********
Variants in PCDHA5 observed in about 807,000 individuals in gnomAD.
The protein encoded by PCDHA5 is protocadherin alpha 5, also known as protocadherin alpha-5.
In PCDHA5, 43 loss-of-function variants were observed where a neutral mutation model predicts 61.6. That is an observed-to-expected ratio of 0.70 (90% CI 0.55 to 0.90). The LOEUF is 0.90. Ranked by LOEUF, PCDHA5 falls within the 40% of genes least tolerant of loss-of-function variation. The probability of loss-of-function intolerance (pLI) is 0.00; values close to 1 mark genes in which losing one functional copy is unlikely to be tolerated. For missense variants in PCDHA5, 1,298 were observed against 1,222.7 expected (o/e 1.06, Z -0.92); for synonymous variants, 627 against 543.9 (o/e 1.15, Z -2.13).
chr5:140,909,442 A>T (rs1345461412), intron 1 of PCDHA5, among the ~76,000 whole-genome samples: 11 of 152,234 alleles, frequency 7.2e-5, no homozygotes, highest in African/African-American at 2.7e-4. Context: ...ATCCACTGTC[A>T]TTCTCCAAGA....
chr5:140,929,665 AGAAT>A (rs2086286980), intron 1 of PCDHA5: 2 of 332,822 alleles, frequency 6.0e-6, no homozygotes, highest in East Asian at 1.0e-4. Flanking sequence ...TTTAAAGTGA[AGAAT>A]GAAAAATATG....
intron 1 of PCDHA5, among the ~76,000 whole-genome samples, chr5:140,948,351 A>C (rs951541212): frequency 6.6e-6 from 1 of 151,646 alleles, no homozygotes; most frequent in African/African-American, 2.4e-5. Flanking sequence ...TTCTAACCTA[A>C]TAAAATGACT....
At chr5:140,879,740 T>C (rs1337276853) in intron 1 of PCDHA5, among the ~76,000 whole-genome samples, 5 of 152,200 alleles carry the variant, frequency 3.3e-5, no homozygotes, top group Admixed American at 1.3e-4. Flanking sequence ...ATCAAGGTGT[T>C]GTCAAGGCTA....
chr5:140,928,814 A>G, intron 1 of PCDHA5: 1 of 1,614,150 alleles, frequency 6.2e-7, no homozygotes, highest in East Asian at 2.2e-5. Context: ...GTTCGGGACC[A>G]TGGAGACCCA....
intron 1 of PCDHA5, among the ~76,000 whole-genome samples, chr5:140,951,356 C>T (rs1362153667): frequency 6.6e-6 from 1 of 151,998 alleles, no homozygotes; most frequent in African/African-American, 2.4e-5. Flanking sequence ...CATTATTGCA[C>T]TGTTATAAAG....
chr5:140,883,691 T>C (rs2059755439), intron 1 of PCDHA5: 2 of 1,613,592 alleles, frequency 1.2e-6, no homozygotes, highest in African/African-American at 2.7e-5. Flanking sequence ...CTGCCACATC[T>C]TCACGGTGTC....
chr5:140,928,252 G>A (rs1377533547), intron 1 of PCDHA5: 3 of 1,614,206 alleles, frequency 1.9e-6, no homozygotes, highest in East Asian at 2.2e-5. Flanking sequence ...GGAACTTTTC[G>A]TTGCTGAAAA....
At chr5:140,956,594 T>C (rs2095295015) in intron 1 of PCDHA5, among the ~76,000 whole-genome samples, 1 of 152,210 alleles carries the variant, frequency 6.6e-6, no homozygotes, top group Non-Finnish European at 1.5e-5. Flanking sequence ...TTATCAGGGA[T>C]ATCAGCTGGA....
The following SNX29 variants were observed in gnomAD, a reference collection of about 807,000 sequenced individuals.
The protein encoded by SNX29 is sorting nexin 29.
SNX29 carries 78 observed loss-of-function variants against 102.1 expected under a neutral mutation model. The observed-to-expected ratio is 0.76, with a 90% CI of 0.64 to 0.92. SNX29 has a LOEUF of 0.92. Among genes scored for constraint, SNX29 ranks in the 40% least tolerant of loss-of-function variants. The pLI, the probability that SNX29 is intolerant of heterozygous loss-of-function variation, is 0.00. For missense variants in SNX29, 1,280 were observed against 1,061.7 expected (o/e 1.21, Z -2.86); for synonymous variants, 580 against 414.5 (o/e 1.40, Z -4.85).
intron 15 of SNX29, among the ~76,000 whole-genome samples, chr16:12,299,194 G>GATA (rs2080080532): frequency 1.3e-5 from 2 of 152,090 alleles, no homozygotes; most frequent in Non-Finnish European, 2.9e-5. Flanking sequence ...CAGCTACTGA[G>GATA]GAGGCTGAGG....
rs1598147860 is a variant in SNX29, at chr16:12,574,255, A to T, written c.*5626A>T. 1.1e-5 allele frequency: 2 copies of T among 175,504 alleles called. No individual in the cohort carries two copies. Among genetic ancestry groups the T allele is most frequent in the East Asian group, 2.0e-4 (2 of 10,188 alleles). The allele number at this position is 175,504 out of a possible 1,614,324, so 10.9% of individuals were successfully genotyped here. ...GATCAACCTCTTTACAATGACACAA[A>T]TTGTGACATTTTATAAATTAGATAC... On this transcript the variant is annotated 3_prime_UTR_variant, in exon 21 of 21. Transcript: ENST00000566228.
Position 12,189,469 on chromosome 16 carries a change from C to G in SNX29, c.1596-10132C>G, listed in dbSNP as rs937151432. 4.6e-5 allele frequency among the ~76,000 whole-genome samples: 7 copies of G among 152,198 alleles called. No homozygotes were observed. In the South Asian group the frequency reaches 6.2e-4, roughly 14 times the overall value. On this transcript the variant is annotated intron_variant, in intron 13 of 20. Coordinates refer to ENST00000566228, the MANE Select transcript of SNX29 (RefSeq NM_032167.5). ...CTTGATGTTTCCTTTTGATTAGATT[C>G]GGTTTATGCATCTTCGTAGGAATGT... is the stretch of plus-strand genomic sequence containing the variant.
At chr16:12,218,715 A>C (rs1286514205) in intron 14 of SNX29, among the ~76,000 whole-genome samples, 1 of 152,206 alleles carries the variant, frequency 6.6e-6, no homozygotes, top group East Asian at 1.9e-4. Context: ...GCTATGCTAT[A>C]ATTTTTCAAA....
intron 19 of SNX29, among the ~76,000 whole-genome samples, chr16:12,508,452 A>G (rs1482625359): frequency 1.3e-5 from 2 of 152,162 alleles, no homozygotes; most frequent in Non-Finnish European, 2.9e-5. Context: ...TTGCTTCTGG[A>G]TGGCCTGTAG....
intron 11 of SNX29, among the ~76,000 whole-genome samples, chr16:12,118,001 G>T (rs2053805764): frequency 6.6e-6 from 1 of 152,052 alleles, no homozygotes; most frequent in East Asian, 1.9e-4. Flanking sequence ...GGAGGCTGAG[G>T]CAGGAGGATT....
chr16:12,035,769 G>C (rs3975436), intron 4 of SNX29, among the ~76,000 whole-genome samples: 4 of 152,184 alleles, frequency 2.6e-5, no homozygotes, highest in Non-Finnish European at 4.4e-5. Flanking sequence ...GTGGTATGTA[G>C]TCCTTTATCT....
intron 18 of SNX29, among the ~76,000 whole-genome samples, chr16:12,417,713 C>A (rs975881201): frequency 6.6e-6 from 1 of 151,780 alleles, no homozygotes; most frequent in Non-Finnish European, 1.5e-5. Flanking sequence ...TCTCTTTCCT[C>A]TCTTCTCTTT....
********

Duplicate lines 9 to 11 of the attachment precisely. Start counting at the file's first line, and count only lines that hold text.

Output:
intron 1 of PCDHA5, among the ~76,000 whole-genome samples, chr5:140,951,356 C>T (rs1362153667): frequency 6.6e-6 from 1 of 151,998 alleles, no homozygotes; most frequent in African/African-American, 2.4e-5. Flanking sequence ...CATTATTGCA[C>T]TGTTATAAAG....
chr5:140,883,691 T>C (rs2059755439), intron 1 of PCDHA5: 2 of 1,613,592 alleles, frequency 1.2e-6, no homozygotes, highest in African/African-American at 2.7e-5. Flanking sequence ...CTGCCACATC[T>C]TCACGGTGTC....
chr5:140,928,252 G>A (rs1377533547), intron 1 of PCDHA5: 3 of 1,614,206 alleles, frequency 1.9e-6, no homozygotes, highest in East Asian at 2.2e-5. Flanking sequence ...GGAACTTTTC[G>A]TTGCTGAAAA....